The abstract is as follows:
"The last thirty years have witnessed rising income and wealth concentration among the top 0.1 percent of the population, leading to intense political debate regarding how, if at all, policymakers should respond. Often, this debate emphasizes the tools of public economics, and in particular optimal income taxation. However, while these tools can help us in evaluating the issues raised by high-end inequality, their extreme reductionism – which, in other settings, often offers significant analytic payoffs – here proves to have serious drawbacks. This paper addresses what we do and don’t learn from the optimal income tax literature regarding high-end inequality, and what other inputs might be needed to help one evaluate the relevant issues."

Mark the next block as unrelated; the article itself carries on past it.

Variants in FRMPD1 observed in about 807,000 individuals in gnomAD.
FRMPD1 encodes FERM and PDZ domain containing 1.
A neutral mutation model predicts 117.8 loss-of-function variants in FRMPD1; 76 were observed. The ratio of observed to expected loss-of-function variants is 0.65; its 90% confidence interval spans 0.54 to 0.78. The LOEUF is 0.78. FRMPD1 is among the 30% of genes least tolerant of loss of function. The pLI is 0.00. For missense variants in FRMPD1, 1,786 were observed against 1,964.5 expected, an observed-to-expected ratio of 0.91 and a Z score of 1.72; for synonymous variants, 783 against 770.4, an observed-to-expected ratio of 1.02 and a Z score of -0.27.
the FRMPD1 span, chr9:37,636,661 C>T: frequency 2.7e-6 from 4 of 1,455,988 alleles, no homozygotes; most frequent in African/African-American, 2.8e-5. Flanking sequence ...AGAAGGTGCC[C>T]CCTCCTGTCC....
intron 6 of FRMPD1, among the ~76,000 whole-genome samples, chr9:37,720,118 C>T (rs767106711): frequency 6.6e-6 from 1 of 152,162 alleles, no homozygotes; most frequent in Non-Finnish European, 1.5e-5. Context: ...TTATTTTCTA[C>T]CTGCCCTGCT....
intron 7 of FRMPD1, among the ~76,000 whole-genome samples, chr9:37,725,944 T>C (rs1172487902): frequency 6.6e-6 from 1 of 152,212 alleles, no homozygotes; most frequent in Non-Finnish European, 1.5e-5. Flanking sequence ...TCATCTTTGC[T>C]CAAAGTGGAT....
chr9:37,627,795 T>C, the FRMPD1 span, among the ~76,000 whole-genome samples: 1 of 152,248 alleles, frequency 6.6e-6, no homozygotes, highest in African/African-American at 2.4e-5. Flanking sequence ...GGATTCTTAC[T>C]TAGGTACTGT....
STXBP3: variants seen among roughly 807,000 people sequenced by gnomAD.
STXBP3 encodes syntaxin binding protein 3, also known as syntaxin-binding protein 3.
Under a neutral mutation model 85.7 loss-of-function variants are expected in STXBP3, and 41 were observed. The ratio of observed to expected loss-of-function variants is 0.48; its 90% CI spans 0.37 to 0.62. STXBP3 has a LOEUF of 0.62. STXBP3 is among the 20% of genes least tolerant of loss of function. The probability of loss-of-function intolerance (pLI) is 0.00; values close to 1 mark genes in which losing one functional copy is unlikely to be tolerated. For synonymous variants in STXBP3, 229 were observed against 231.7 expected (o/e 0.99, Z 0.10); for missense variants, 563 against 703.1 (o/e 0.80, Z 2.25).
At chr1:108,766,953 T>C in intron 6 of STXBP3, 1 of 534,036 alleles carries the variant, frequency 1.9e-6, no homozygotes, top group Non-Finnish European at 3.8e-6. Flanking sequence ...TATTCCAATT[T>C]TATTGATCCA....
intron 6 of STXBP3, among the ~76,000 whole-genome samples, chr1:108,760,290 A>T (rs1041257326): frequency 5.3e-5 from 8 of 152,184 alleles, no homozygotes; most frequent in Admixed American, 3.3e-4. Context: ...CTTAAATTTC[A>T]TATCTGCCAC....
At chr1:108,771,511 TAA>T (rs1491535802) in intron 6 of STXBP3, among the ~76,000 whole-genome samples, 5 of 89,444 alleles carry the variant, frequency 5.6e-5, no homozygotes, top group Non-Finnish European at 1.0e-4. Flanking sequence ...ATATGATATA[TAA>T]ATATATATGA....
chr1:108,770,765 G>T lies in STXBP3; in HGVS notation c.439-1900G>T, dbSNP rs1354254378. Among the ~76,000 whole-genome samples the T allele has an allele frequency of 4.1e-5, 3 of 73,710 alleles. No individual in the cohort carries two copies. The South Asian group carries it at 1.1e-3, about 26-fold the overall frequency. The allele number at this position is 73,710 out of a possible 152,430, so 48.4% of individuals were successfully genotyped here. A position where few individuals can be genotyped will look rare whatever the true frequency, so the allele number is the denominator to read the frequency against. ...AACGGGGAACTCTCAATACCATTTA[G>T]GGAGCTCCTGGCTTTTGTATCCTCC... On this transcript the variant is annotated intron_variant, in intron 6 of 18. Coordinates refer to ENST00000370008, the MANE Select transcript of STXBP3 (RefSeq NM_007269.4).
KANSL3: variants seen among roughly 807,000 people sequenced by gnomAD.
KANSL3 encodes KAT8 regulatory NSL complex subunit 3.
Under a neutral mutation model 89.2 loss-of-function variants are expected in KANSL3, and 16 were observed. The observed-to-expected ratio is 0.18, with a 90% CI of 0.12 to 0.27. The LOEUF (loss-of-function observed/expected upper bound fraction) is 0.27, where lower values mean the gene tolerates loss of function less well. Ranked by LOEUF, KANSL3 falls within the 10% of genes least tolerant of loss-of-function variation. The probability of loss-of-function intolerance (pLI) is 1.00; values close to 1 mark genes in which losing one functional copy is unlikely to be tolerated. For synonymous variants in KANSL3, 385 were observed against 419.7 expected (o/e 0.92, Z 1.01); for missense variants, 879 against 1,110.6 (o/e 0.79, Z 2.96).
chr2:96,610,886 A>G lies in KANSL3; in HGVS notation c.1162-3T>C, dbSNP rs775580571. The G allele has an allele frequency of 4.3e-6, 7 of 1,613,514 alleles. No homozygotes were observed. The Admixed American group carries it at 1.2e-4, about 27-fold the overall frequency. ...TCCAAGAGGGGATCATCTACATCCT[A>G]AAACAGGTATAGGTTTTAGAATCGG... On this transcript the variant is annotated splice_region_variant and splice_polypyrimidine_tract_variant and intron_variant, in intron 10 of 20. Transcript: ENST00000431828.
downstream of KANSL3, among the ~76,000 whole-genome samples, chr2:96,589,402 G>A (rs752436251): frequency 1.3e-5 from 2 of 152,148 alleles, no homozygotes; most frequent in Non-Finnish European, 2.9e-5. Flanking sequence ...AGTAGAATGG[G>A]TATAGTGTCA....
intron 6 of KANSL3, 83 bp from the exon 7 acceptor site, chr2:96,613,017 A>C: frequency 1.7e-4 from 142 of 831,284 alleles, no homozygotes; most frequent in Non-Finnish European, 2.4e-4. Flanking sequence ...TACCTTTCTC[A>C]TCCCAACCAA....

It will be appearing in volume 71 of the University of Miami Law Review. Although a distinct and freestanding piece, it relates to my book in progress on high-end inequality and literature. No discussion of literature within it, however - rather, it gives my view of why such approaches as mine in the literature book might be needed to supplement what we can learn from standard practice in the public economics and the optimal income tax literatures, with respect to evaluating the social consequences of rising high-end inequality.